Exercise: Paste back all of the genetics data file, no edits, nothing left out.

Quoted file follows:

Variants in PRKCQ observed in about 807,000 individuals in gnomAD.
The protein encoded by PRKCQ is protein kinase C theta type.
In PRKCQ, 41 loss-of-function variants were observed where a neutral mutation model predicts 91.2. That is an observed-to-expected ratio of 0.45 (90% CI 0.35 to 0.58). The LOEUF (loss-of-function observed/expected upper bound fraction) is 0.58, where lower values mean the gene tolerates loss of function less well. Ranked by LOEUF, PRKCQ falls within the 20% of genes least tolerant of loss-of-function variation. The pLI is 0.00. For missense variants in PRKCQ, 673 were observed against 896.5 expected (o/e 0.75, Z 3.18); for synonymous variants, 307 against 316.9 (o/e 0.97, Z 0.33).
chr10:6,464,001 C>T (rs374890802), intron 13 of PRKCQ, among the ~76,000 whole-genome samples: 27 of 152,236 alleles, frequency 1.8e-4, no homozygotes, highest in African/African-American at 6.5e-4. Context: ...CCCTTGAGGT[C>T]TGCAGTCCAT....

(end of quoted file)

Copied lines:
Variants in PRKCQ observed in about 807,000 individuals in gnomAD.
The protein encoded by PRKCQ is protein kinase C theta type.
In PRKCQ, 41 loss-of-function variants were observed where a neutral mutation model predicts 91.2. That is an observed-to-expected ratio of 0.45 (90% CI 0.35 to 0.58). The LOEUF (loss-of-function observed/expected upper bound fraction) is 0.58, where lower values mean the gene tolerates loss of function less well. Ranked by LOEUF, PRKCQ falls within the 20% of genes least tolerant of loss-of-function variation. The pLI is 0.00. For missense variants in PRKCQ, 673 were observed against 896.5 expected (o/e 0.75, Z 3.18); for synonymous variants, 307 against 316.9 (o/e 0.97, Z 0.33).
chr10:6,464,001 C>T (rs374890802), intron 13 of PRKCQ, among the ~76,000 whole-genome samples: 27 of 152,236 alleles, frequency 1.8e-4, no homozygotes, highest in African/African-American at 6.5e-4. Context: ...CCCTTGAGGT[C>T]TGCAGTCCAT....